Appeals from the Orders of the Pennsylvania State Ethics Commission in the cases of In Re: Edward G. McCutcheon, Jr., and In Re: Elroy J. Hoak, No. 80-46-C, dated June 18, 1982.
Thomas J. Godlewski, Godlewski & Rathgeb, for petitioners.
Sandra S. Christianson, General Counsel, for respondent.
Thomas L. Wenger, with him Thomas W. Bergen, Wix, Wenger & Weidner, for Amici Curiae, Pennsylvania State Association of Township Supervisors, Robert Daws, Robert Hill and Bruce Henry, Trustees.
Edward L. Springer, with him Samuel R. Grego, Springer & Perry, for Amicus Curiae, Columbia Life Insurance Company.
President Judge Crumlish, Jr. and Judges Williams, Jr., Craig, MacPhail and Doyle. Opinion by Judge Craig.
[ 77 Pa. Commw. Page 530]
Elroy J. Hoak and Edward G. McCutcheon, Jr., former elected supervisors of Allegheny Township, a second class township, appeal an order of the State Ethics Commission. We must decide if the commission was correct in concluding that they used their public office to obtain financial gain in violation of section 3(a) of the Ethics Act.*fn1
Specifically, the commission found that Hoak, who had served as supervisor since 1964, and McCutcheon,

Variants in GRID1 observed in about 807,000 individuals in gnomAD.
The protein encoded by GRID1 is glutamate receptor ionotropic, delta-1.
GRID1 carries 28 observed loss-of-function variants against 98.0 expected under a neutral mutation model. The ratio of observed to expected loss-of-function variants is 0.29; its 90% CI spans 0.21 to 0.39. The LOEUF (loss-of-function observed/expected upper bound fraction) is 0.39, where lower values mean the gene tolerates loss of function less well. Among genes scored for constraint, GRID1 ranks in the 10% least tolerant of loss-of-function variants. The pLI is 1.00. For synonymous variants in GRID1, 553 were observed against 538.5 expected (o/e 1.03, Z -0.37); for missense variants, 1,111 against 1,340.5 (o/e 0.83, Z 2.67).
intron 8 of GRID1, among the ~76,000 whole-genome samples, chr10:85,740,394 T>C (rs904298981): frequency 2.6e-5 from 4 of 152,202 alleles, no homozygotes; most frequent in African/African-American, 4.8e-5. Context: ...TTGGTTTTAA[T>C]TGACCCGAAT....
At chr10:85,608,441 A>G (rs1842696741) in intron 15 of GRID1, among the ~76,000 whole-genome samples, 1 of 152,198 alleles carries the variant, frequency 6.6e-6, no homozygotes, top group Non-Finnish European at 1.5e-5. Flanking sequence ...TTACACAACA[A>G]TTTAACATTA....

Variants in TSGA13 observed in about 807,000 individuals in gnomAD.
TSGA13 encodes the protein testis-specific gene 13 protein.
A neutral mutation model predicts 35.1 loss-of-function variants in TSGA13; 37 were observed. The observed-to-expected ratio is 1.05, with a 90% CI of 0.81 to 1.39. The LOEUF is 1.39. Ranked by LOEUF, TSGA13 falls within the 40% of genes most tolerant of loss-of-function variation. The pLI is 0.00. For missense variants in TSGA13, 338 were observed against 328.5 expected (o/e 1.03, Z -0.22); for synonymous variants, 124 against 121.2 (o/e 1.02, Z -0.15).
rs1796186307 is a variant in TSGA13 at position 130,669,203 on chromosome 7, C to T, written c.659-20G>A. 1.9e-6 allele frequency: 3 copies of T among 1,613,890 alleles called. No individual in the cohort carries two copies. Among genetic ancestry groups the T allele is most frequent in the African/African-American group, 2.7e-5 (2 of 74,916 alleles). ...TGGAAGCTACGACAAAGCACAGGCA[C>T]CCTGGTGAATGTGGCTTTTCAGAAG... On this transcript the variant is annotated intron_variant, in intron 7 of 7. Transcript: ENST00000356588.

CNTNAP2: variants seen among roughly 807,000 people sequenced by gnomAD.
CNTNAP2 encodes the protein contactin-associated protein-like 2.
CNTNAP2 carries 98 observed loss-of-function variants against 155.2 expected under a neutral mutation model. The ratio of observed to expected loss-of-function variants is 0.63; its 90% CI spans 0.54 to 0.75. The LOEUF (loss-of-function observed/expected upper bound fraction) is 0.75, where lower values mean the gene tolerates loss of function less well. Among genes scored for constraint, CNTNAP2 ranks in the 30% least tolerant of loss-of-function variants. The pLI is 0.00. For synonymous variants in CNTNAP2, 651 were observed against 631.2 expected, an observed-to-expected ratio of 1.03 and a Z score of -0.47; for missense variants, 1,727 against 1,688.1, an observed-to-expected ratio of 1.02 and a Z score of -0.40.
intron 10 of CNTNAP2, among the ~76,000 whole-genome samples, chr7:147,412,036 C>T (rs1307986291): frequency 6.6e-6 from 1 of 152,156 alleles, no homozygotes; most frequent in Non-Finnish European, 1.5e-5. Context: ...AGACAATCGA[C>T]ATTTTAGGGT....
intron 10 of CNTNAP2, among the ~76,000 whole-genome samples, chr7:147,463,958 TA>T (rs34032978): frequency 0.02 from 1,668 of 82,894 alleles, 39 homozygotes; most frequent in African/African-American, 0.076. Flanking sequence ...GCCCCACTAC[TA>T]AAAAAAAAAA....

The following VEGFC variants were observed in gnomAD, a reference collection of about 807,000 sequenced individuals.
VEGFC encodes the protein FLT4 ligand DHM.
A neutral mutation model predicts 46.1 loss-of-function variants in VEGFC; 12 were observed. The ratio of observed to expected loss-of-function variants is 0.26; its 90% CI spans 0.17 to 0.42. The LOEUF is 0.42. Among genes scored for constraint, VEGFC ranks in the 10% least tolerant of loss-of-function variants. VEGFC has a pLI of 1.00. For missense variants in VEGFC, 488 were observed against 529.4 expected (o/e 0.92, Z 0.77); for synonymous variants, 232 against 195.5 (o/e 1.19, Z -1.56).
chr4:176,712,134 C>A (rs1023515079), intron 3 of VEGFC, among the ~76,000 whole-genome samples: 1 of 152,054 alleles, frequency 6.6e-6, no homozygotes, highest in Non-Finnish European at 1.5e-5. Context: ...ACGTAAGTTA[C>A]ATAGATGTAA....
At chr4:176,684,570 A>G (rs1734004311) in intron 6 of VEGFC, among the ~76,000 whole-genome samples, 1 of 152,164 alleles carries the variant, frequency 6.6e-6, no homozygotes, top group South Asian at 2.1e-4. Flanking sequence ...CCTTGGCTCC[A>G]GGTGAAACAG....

[ 77 Pa. Commw. Page 531]
who had served since 1962, voted to purchase life annuity policies for a pension fund for each supervisor out of township funds, and, upon resigning from their positions as supervisors in 1981, surrendered those policies and received more than $11,000 each.*fn2 The commission decided that it would refer the matter to the appropriate district attorney for prosecution unless Hoak and McCutcheon promptly returned the sums received, plus 10% interest, to the township.
Hoak and McCutcheon do not dispute that on May 19, 1973, at a public meeting of the supervisors, they and another supervisor approved a motion that the township purchase policies worth $600 for participation in a pension fund for each supervisor, and that, at a public meeting on June 11, 1974, they approved a motion increasing the annuities by $1,000 annually for each supervisor.
Two facts are important. First, the supervisors purchased the policies only for themselves, not as part of a pension program including other township employees. Although the supervisors could have joined the Municipal Employees Retirement System embracing other township employees, these supervisors did not do so. Second, the township auditors reviewed the township expenditures for the years in question and did not surcharge the supervisors with respect to them. However, the township auditors took no affirmative action with respect to these policies for the supervisors, in terms of approving them as compensation or otherwise.
Hoak and McCutcheon contend that their actions were legal under the Second Class Township Code,*fn3 which recognizes that supervisors may also serve as employees, ...